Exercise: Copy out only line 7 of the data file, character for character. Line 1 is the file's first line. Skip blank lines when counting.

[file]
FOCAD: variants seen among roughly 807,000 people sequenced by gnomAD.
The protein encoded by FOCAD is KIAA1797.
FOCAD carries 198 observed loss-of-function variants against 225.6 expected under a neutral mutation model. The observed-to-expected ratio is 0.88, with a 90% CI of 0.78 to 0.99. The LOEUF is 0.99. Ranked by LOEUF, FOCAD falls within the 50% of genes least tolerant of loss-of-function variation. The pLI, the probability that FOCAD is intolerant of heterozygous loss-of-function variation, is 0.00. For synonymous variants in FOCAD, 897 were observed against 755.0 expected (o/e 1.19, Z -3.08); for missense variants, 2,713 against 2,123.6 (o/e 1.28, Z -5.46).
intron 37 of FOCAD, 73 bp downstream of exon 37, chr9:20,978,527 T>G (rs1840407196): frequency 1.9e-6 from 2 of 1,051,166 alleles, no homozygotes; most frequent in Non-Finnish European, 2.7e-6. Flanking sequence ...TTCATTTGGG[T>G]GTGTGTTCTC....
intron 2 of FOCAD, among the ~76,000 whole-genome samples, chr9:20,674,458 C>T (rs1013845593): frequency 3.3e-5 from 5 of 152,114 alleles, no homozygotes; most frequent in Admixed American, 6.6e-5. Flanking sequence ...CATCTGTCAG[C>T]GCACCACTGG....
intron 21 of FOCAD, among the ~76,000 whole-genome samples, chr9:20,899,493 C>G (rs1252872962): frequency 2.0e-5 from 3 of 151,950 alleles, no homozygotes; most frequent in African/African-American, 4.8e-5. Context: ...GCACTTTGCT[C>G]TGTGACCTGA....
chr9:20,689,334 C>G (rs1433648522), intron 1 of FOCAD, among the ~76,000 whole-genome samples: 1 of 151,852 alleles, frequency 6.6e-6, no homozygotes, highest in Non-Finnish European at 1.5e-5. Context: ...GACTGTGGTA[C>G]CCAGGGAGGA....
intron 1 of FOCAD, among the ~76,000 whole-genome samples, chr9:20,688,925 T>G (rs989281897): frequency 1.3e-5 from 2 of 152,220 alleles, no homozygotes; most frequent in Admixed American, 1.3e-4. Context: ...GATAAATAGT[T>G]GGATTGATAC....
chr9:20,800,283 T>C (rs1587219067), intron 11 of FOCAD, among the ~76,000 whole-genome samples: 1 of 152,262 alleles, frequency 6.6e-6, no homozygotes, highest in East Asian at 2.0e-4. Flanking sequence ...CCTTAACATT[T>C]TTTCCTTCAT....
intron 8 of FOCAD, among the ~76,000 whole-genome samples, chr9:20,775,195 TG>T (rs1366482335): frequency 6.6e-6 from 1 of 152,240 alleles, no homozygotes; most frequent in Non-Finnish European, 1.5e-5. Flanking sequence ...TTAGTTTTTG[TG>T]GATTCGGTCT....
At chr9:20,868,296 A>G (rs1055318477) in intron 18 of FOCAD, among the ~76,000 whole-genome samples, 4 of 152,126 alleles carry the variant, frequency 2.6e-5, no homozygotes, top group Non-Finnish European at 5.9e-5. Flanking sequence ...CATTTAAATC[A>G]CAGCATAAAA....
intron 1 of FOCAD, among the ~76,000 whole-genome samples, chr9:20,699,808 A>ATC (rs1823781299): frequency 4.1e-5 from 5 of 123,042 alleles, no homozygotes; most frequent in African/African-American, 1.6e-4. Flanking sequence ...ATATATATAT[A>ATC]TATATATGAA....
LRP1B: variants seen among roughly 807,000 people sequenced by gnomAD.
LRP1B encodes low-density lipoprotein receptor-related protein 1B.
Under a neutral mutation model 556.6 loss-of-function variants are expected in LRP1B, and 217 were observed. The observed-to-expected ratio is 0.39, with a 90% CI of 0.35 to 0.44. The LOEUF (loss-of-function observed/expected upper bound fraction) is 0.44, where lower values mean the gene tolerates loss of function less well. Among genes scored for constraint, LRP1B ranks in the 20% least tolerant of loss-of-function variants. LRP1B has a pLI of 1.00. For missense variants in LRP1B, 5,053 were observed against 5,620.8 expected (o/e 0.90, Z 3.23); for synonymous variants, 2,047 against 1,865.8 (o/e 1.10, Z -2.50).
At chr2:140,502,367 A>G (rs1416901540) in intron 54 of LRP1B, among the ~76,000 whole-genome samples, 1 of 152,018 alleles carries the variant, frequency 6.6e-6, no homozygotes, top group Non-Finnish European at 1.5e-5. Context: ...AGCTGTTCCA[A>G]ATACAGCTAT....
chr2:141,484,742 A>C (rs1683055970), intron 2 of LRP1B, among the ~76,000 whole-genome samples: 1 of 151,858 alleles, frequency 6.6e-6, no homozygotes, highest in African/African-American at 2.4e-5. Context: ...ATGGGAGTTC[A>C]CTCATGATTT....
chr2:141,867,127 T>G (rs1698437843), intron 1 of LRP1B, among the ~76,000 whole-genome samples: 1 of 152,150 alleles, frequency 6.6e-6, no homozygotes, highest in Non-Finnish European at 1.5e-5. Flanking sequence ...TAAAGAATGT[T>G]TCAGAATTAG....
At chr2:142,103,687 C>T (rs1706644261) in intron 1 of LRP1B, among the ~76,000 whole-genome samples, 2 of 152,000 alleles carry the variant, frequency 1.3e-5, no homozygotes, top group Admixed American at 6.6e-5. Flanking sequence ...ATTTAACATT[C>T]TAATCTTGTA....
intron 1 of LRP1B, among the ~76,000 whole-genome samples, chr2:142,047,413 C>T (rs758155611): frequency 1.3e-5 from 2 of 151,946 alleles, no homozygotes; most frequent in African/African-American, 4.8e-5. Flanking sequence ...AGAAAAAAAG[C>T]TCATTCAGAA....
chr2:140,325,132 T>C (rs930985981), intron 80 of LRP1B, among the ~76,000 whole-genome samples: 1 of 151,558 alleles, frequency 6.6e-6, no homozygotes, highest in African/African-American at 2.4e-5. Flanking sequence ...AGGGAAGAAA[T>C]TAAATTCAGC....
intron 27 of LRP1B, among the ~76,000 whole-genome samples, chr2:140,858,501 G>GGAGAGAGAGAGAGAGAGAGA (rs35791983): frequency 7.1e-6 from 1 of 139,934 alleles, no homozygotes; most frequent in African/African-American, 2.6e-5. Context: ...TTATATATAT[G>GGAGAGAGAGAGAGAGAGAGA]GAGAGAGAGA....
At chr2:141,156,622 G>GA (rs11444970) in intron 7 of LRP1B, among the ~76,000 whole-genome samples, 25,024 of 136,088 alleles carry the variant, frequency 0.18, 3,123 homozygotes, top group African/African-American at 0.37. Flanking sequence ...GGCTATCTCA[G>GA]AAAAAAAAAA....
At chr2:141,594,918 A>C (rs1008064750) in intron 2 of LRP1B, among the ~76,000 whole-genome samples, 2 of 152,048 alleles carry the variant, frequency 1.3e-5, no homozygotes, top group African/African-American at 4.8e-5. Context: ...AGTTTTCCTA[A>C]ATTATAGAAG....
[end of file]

chr9:20,689,334 C>G (rs1433648522), intron 1 of FOCAD, among the ~76,000 whole-genome samples: 1 of 151,852 alleles, frequency 6.6e-6, no homozygotes, highest in Non-Finnish European at 1.5e-5. Context: ...GACTGTGGTA[C>G]CCAGGGAGGA....